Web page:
News Wrap: Unaccustomed to severe cold, South braces for deep freeze
JUDY WOODRUFF: President Obama delivers his 2014 State of the Union address tonight, and he will highlight executive actions aimed at jobs and wages. As White House video showed Mr. Obama working on the speech, aides said he's set to order a higher minimum wage for future federal contract workers of $10.10 an hour.
The plan met with praise from Senate Majority Leader Harry Reid.
SENATE MAJORITY LEADER HARRY REID, D-Nev.: I think we will find at the State of the Union tonight, the president has decided that Republicans are obstructing everything and they will continue to do so, so he's going to have to some things on his own. And I agree with him. He needs to use his administrative authority, his executive authority to start doing some things for this country.
JUDY WOODRUFF: Republicans dismissed the minimum wage move as window dressing. House Speaker John Boehner says it has a very narrow scope.
HOUSE SPEAKER JOHN BOEHNER, R-Ohio: This affects not one current contract. It only affects future contracts with the federal government. And so I think the question is, how many people, Mr. President, will this executive action actually help? I suspect the answer is somewhere close to zero.
JUDY WOODRUFF: We will preview the president's speech with White House Press Secretary Jay Carney right after the news summary.
Arctic air descended on the Deep South today, bringing bitter cold to millions who aren't used to it. Snow, ice and subzero readings stretched from Texas to Virginia. Snowfall began to slow and snarl major interstates around Atlanta, and shoppers emptied shelves of shovels and other cold winter gear.
But as they waited for the worst, North Carolina Governor Pat McCrory conceded the region is never ready for such weather.
GOV. PAT MCCRORY, R-N.C.: We have got to be honest that we don't have these storms very often, so the equipment needed or the equipment level of capacity isn't as great as comparison to New York or Connecticut or New Hampshire.
JUDY WOODRUFF: Meanwhile, the Midwest endured another day of windchills that reached as far down as 50 below. The huge storm also forced airlines to cancel about 3,000 commercial flights nationwide.
In Egypt, ousted President Mohammed Morsi went on trial on charges of organizing mass prison breaks during the 2011 revolution. State TV showed Morsi pacing inside of a soundproof glass-encased cage, visibly angry and shouting at the judge. After five hours, the trial adjourned until February 22.
The fifth day of the Syrian peace talks negotiations broke off, with little to show for the effort. Syria's foreign minister charged that the U.S. has sabotaged the Geneva conference by resuming deliveries of non- lethal supplies to rebels. The State Department said the Syrian government has poisoned the talks by continuing to block aid to the besieged city of Homs.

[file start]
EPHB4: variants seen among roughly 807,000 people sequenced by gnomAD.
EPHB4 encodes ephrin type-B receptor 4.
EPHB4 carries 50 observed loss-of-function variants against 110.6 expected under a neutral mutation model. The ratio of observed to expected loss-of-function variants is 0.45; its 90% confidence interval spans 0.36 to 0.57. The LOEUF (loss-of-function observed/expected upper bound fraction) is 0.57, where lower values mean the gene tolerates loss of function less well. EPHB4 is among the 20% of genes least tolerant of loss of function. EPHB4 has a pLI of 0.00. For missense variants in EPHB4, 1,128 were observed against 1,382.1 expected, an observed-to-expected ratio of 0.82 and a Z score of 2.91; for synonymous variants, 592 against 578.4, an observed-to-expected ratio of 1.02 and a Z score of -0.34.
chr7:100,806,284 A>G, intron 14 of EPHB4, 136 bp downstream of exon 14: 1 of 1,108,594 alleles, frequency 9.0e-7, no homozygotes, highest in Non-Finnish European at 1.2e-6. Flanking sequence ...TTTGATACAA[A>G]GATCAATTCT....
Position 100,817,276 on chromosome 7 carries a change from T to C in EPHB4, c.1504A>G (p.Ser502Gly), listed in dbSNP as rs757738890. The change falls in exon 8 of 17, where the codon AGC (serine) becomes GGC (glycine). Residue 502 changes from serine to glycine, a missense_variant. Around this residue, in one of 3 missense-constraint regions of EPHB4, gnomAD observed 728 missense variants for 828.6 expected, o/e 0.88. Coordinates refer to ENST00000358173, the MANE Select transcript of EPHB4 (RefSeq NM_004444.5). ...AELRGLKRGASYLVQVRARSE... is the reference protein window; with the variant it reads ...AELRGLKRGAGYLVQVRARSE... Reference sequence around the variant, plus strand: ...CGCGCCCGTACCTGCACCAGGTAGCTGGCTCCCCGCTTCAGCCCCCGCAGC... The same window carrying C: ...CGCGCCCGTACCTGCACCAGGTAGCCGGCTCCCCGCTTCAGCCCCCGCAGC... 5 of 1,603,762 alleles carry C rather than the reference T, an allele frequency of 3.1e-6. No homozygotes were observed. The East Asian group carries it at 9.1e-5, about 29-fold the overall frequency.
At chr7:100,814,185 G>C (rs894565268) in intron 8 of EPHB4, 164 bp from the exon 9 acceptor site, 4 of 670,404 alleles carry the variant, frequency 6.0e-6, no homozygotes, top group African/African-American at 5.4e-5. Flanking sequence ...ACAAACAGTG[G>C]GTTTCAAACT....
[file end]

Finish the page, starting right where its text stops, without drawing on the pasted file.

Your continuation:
Protesters in Ukraine won new concessions today. The country's prime minister resigned, and Parliament repealed anti-protest laws that sparked 10 days of violence. Still, opposition leaders insisted again that President Viktor Yanukovych must also resign. We will get a full report on the developing situation in Ukraine later in the program.
Thailand is going ahead with parliamentary elections this Sunday, despite fears of violent protests and an opposition boycott. The country's election commission had called for delaying the vote, but the government rejected the idea today.
PHONGTHEP THEPKANJANA, deputy prime minister, Thailand (through translator): If we postpone the election, will the problems go away? You can see that the problems obstructing the election cannot be solved even if we postpone it. The people who are causing trouble didn't say they would stop if it is postponed.
JUDY WOODRUFF: The opposition has occupied parts of Bangkok and demanded that Prime Minister Yingluck Shinawatra resign immediately.
Wall Street's jitters over emerging markets calmed today, and stocks turned higher after three days of losses. The Dow Jones industrial average gained 90 points to close at 15,928. The Nasdaq rose 14 points to close near 4,098.
A voice that shaped American folk music for several generations is gone. Legendary musician and activist Pete Seeger died in a New York City hospital last night at 94. Seeger helped spark a national folk music revival and lent his voice to Vietnam protests and other causes, with hits such as "If I Had a Hammer" and "Where Have All the Flowers Gone?" -- Jeffrey Brown explores his life and music later in the broadcast.